The current employer’s FUTA tax rate is 6% on the first $7,000 in gross income earned by the worker. If the wages are subject to a state unemployment tax, the employer can use a 5.4% FUTA credit, which reduces the FUTA tax to 0.6%. The total federal and state unemployment taxes will vary depending on each state’s unemployment program.

Incurring other payroll costs

Processing payroll requires a business to deduct other costs that are not calculated solely on a worker’s income. Some of these costs are payroll expenses, while other amounts (workers’ compensation and voluntary deductions) are simply collected and passed on to a third party.

Computing workers’ compensation

Businesses that employ workers must purchase workers’ compensation insurance. This form of insurance is determined by state law, and most states require coverage. If a worker is injured on the job, the insurance policy pays for medical costs and lost wages due to injury.

Workers’ compensation premiums are paid by the employer, and the cost is determined by the number of employees and the industry. A construction company, for example, pays more for insurance than an accounting firm. This is because workers on a construction job site have a higher risk of injury than accountants in an office setting.

Voluntary deductions

If a company offers benefits, a portion of the costs may be withheld from the worker’s pay. The employer’s share of the costs is a payroll expense. Here are some examples:

  • Retirement plan: The worker’s contributions are deducted from pay and are not an employer expense. The employer’s share of contributions, however, are a payroll expense for the business. Employer contributions are not deducted from pay.
  • Health, dental, vision, life insurance premiums: Premiums paid by the employer are not withheld from pay and are included as business expenses. The worker’s share of premiums are deducted from pay and are not a payroll expense.
  • Union dues: Dues are deducted from pay and forwarded to the union on the worker’s behalf. The payments are not a payroll expense.
  • Loan payments: If a worker has a loan from the business, repayments may be deducted from pay and are not a payroll expense.

The cost incurred to retain an accountant or a payroll service company is a business expense. Once you understand the payroll expenses you must incur, create a written procedure that documents how you process payroll.

Now you need to post all of the activity to your accounting records. You’ll use the accrual method of accounting, and you’ll post both payroll liabilities and expenses.

Accounting for payroll liabilities and expenses

Every business should use the accrual method of accounting, which matches revenue earned with expenses incurred. The accrual method records payroll expenses in the month they are incurred, regardless of when the expenses are paid in cash. The matching concept presents a more accurate picture of company profit.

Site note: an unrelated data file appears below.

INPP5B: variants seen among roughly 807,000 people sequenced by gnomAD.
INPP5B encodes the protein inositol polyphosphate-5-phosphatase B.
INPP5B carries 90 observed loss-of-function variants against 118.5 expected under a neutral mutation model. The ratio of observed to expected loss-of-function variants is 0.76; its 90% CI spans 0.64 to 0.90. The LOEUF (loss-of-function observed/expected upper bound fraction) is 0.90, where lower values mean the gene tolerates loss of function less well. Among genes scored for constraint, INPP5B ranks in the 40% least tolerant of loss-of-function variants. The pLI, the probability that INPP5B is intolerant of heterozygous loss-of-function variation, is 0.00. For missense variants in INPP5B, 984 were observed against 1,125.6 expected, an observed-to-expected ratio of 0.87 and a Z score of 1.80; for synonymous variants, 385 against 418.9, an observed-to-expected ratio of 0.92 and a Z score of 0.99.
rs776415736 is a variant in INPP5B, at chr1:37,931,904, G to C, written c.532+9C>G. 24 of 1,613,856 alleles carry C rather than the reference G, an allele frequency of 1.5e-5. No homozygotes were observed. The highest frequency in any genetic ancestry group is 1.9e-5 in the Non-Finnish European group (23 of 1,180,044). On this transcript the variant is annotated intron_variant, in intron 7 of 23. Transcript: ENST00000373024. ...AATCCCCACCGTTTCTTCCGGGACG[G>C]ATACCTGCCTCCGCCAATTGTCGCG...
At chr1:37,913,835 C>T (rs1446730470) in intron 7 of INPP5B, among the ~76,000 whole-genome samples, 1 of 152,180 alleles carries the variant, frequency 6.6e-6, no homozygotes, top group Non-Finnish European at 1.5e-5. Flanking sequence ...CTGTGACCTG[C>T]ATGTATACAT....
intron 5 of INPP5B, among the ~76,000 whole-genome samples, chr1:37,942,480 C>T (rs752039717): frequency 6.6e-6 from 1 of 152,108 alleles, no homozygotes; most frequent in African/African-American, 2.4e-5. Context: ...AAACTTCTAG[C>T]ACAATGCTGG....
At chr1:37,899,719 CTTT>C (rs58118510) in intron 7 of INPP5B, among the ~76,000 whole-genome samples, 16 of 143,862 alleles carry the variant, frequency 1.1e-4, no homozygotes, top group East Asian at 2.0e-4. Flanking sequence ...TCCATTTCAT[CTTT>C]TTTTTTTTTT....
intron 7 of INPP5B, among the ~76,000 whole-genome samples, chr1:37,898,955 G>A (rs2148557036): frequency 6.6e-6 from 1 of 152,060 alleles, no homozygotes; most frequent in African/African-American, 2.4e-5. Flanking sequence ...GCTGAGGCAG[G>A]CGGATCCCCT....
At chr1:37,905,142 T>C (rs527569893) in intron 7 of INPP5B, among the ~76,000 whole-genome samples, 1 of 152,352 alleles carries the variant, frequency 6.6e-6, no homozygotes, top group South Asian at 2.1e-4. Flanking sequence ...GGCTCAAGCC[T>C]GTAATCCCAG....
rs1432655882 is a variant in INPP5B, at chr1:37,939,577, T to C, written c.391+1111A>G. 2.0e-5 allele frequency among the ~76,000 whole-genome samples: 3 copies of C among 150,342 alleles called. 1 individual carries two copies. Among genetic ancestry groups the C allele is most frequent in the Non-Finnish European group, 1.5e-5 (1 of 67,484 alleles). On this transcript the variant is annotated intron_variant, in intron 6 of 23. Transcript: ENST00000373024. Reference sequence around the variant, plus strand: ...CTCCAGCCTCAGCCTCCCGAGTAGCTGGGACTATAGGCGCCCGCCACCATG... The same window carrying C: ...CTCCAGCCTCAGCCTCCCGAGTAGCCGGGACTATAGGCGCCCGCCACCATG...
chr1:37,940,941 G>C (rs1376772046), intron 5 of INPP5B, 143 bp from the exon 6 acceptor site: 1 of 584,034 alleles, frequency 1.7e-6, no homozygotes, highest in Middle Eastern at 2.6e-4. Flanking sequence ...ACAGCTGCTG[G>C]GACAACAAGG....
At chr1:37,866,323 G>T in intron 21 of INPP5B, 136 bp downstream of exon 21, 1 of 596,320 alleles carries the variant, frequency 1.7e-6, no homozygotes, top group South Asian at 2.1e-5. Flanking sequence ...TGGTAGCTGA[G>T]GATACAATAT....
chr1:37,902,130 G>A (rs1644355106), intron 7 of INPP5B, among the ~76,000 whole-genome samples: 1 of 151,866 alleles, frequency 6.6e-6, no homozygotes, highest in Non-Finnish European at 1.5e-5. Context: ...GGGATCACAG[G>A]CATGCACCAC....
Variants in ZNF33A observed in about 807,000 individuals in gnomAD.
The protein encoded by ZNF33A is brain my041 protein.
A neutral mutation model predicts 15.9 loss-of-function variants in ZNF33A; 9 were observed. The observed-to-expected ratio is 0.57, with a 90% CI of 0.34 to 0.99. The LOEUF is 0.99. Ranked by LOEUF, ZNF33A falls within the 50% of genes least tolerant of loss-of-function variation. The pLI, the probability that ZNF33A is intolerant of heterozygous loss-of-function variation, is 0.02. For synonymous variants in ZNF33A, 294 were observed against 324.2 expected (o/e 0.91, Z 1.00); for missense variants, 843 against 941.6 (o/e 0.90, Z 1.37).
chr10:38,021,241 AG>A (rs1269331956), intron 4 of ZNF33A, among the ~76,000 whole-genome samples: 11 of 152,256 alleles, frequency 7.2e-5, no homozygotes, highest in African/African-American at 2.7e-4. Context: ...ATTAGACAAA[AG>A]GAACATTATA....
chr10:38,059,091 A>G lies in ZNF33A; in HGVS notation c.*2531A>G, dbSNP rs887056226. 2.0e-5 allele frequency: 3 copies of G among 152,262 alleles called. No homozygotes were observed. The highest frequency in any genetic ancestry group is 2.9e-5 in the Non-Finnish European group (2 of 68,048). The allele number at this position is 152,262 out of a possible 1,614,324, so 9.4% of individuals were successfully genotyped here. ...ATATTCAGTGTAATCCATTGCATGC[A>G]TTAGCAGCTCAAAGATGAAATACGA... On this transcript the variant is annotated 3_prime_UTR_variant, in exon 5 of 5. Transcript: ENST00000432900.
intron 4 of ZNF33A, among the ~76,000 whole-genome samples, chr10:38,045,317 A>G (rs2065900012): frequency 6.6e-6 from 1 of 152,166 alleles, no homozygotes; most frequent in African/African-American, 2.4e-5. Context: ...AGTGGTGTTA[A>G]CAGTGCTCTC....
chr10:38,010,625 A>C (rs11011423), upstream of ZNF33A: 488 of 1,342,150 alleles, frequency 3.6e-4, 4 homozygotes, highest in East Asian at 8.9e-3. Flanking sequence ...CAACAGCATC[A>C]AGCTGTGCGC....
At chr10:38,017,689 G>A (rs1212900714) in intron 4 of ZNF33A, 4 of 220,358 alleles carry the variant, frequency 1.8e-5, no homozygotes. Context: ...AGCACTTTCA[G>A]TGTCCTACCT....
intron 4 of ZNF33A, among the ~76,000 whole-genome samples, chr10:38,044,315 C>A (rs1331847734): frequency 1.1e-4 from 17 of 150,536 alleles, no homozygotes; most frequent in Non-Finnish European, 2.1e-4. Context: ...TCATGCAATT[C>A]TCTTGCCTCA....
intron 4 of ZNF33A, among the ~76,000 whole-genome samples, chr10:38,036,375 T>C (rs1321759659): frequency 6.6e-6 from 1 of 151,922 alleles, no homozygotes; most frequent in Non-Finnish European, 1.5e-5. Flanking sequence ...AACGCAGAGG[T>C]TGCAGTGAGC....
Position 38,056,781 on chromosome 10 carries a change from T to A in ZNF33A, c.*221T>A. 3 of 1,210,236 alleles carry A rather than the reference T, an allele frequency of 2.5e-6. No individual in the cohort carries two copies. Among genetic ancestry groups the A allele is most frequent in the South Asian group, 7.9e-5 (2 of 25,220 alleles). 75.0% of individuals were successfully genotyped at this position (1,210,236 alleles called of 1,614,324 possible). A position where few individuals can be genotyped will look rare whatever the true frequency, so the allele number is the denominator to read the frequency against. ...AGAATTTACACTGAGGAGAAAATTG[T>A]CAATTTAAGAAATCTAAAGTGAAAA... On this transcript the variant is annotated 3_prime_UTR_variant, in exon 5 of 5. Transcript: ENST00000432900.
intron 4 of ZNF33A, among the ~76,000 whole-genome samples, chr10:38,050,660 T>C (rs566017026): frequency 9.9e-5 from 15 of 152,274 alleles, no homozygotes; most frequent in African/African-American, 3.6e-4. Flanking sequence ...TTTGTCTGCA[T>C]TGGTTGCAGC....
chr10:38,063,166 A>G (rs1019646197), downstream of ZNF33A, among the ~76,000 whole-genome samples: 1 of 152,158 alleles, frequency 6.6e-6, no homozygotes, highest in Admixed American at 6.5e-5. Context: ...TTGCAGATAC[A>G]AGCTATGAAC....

Understanding the accrual accounting method

Assume that a restaurant owes workers $3,000 in payroll for the last five days of March, and that the next payroll date is April 5. Using the accrual method, $3,000 in wage expense is posted on March 31, along with a $3,000 increase in wages payable.

When payroll is processed on April 5, cash is reduced by $3,000 and wages payable is decreased by $3,000. The expense was posted in March, when the hours were worked by the restaurant employees. Revenue in March is matched with March expenses, including the $3,000 in payroll costs.

Accounting for payroll liabilities and payroll expenses

The accrual method posts payroll liabilities and expenses in the same period. In the restaurant example, a $3,000 wage expense and a $3,000 wage liability balance are posted on March 31. When cash is paid on April 5, the liability balance is reduced.

This accounting method does not post expenses based on cash outflows, and it matches revenue earned with payroll expenses incurred.

Let’s pull it all together and explain the steps required to process payroll.

Nine steps to process payroll expenses

The payroll process requires you to collect information, perform calculations, pay workers, and submit withheld payments to third parties. Processing payroll starts with Form W-4.

#1. Collect information on Form W-4

Newly hired employees must complete Form W-4. Information submitted on the form tells employers how much salary to withhold from a paycheck for tax purposes. The number of allowances on the W-4, along with the gross pay, determines the tax withholdings.